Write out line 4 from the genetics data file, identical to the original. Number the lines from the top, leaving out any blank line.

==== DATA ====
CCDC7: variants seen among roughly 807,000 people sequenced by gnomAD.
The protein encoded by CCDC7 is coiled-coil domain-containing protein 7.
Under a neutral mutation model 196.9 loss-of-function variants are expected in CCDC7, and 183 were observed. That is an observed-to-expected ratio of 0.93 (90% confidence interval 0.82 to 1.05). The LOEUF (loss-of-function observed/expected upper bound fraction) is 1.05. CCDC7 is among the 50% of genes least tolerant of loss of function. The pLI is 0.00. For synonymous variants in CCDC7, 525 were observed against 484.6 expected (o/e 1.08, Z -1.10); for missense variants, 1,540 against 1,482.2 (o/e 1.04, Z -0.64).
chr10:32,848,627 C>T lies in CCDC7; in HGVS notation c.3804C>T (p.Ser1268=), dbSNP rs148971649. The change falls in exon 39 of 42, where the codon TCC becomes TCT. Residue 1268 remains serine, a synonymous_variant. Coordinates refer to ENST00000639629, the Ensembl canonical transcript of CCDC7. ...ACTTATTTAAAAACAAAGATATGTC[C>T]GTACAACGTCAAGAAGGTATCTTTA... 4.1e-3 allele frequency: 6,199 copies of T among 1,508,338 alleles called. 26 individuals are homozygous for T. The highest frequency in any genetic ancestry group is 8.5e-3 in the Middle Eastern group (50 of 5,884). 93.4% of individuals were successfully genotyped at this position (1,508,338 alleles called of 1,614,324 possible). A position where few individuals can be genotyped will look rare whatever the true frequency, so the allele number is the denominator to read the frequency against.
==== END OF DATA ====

chr10:32,848,627 C>T lies in CCDC7; in HGVS notation c.3804C>T (p.Ser1268=), dbSNP rs148971649. The change falls in exon 39 of 42, where the codon TCC becomes TCT. Residue 1268 remains serine, a synonymous_variant. Coordinates refer to ENST00000639629, the Ensembl canonical transcript of CCDC7. ...ACTTATTTAAAAACAAAGATATGTC[C>T]GTACAACGTCAAGAAGGTATCTTTA... 4.1e-3 allele frequency: 6,199 copies of T among 1,508,338 alleles called. 26 individuals are homozygous for T. The highest frequency in any genetic ancestry group is 8.5e-3 in the Middle Eastern group (50 of 5,884). 93.4% of individuals were successfully genotyped at this position (1,508,338 alleles called of 1,614,324 possible). A position where few individuals can be genotyped will look rare whatever the true frequency, so the allele number is the denominator to read the frequency against.